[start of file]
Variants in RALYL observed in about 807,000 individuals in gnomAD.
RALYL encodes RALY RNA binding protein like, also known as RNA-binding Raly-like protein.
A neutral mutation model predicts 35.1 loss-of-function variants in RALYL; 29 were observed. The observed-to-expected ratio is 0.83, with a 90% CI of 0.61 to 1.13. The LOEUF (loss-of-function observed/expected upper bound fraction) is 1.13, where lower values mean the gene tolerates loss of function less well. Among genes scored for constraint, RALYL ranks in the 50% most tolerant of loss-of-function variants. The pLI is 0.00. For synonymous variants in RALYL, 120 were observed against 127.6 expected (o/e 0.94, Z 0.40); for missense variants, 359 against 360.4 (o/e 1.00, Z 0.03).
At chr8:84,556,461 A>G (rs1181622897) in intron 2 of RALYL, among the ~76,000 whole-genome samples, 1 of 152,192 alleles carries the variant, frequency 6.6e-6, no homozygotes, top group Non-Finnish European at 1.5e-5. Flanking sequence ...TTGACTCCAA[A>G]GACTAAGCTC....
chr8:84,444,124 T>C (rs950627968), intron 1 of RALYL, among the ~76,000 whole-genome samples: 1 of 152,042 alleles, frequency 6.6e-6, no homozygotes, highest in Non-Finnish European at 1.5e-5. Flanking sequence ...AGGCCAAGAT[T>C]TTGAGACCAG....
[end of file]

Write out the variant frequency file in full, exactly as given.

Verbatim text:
Variants in RALYL observed in about 807,000 individuals in gnomAD.
RALYL encodes RALY RNA binding protein like, also known as RNA-binding Raly-like protein.
A neutral mutation model predicts 35.1 loss-of-function variants in RALYL; 29 were observed. The observed-to-expected ratio is 0.83, with a 90% CI of 0.61 to 1.13. The LOEUF (loss-of-function observed/expected upper bound fraction) is 1.13, where lower values mean the gene tolerates loss of function less well. Among genes scored for constraint, RALYL ranks in the 50% most tolerant of loss-of-function variants. The pLI is 0.00. For synonymous variants in RALYL, 120 were observed against 127.6 expected (o/e 0.94, Z 0.40); for missense variants, 359 against 360.4 (o/e 1.00, Z 0.03).
At chr8:84,556,461 A>G (rs1181622897) in intron 2 of RALYL, among the ~76,000 whole-genome samples, 1 of 152,192 alleles carries the variant, frequency 6.6e-6, no homozygotes, top group Non-Finnish European at 1.5e-5. Flanking sequence ...TTGACTCCAA[A>G]GACTAAGCTC....
chr8:84,444,124 T>C (rs950627968), intron 1 of RALYL, among the ~76,000 whole-genome samples: 1 of 152,042 alleles, frequency 6.6e-6, no homozygotes, highest in Non-Finnish European at 1.5e-5. Flanking sequence ...AGGCCAAGAT[T>C]TTGAGACCAG....